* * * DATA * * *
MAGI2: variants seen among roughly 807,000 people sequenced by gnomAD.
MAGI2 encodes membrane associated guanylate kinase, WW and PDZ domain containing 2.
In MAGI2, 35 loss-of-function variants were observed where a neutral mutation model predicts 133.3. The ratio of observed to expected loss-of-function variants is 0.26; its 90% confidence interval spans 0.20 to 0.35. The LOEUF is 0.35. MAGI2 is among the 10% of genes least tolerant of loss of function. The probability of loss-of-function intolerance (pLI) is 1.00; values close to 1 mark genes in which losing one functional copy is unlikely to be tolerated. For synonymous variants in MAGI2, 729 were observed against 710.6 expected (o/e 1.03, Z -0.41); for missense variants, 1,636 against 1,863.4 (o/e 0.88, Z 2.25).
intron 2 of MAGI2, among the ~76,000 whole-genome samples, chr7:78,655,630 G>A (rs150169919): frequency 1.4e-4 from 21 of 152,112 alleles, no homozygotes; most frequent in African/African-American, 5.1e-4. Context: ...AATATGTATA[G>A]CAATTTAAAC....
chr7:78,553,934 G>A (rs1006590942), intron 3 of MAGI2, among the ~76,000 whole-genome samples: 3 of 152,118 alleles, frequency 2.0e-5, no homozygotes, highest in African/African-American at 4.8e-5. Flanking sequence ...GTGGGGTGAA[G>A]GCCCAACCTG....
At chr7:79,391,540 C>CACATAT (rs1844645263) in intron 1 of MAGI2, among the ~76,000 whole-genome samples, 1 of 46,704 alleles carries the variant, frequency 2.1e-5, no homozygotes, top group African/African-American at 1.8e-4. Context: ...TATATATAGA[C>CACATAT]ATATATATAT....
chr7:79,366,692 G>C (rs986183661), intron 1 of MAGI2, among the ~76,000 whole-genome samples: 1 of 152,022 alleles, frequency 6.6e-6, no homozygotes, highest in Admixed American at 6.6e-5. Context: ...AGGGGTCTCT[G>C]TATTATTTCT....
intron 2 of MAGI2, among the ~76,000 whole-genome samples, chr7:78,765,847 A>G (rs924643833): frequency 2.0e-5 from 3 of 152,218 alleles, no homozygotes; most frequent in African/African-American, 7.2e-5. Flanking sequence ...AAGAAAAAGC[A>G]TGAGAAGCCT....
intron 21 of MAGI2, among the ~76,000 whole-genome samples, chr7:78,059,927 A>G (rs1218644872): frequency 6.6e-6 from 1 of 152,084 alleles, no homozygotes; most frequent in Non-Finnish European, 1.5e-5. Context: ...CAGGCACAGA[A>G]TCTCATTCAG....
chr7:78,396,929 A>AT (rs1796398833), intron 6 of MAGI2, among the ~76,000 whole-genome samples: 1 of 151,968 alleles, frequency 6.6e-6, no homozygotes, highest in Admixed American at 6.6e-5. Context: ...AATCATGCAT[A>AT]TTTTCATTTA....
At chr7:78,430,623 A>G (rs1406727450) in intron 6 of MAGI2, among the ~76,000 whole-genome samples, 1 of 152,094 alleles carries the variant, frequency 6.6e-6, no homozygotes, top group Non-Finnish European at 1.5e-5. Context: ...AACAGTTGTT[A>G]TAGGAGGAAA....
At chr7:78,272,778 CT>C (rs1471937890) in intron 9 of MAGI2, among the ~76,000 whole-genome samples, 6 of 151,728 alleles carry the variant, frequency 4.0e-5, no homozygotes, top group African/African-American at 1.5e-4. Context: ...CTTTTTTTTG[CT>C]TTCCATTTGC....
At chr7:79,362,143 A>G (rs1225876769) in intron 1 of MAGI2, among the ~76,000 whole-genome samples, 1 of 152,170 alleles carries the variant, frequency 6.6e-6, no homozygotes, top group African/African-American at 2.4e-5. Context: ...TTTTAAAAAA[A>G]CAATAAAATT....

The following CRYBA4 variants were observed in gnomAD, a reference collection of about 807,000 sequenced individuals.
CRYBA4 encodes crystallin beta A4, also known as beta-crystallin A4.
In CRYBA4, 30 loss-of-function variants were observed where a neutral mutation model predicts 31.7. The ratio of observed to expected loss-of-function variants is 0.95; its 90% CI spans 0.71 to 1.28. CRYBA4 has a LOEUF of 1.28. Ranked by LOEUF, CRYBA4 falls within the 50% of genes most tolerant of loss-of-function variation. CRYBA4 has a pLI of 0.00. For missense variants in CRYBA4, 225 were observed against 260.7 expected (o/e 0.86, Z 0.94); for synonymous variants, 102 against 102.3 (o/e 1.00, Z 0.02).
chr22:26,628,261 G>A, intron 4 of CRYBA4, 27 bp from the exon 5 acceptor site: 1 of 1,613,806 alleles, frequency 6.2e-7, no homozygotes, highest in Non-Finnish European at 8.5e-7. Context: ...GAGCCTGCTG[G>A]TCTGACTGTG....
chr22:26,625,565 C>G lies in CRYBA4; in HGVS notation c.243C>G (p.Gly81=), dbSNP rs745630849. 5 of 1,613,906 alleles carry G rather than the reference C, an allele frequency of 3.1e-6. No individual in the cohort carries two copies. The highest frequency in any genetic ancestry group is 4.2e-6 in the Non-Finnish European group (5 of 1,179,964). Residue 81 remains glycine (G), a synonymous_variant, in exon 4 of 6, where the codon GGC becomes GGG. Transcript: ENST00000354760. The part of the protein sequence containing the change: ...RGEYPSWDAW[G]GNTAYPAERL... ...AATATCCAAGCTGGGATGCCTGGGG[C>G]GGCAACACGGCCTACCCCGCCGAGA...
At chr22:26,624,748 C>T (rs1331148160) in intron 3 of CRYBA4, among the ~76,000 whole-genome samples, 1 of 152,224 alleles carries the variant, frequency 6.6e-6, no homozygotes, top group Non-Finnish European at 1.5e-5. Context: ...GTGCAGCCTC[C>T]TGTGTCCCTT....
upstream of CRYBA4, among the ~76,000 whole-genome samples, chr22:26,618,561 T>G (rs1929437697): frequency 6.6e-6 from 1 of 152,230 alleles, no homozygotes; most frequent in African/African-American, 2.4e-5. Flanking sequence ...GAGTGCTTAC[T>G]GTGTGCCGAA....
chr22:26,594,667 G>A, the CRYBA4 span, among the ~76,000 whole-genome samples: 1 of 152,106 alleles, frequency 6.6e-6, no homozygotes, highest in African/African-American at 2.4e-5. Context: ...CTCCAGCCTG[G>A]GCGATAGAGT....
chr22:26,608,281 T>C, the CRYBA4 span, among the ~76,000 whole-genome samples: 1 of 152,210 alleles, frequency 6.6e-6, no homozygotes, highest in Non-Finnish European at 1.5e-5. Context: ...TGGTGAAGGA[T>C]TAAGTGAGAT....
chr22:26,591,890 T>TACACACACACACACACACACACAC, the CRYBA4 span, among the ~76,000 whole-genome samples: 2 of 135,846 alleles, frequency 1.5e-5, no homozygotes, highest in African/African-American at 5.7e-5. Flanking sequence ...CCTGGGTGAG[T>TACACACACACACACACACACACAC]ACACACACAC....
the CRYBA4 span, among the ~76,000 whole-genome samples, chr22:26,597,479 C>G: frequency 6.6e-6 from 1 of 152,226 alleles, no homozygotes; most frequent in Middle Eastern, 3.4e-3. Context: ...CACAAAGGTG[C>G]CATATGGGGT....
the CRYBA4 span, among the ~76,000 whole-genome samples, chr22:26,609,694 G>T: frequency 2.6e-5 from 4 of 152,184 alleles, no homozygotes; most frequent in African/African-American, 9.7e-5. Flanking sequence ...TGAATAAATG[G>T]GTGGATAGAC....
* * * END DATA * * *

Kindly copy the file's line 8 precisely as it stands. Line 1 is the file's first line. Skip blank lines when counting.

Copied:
intron 2 of MAGI2, among the ~76,000 whole-genome samples, chr7:78,765,847 A>G (rs924643833): frequency 2.0e-5 from 3 of 152,218 alleles, no homozygotes; most frequent in African/African-American, 7.2e-5. Flanking sequence ...AAGAAAAAGC[A>G]TGAGAAGCCT....